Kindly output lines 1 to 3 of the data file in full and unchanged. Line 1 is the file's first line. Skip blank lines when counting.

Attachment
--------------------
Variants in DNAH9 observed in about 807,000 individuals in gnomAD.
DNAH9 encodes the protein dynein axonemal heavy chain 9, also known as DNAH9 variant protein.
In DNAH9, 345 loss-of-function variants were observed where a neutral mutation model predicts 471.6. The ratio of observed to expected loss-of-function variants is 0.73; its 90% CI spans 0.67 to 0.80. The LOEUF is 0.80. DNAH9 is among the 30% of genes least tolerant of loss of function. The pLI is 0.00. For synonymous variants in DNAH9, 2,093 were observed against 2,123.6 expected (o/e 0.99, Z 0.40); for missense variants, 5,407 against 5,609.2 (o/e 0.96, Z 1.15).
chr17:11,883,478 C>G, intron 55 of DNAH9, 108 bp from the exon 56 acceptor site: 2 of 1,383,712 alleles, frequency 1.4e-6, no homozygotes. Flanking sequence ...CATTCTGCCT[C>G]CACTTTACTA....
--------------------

Variants in DNAH9 observed in about 807,000 individuals in gnomAD.
DNAH9 encodes the protein dynein axonemal heavy chain 9, also known as DNAH9 variant protein.
In DNAH9, 345 loss-of-function variants were observed where a neutral mutation model predicts 471.6. The ratio of observed to expected loss-of-function variants is 0.73; its 90% CI spans 0.67 to 0.80. The LOEUF is 0.80. DNAH9 is among the 30% of genes least tolerant of loss of function. The pLI is 0.00. For synonymous variants in DNAH9, 2,093 were observed against 2,123.6 expected (o/e 0.99, Z 0.40); for missense variants, 5,407 against 5,609.2 (o/e 0.96, Z 1.15).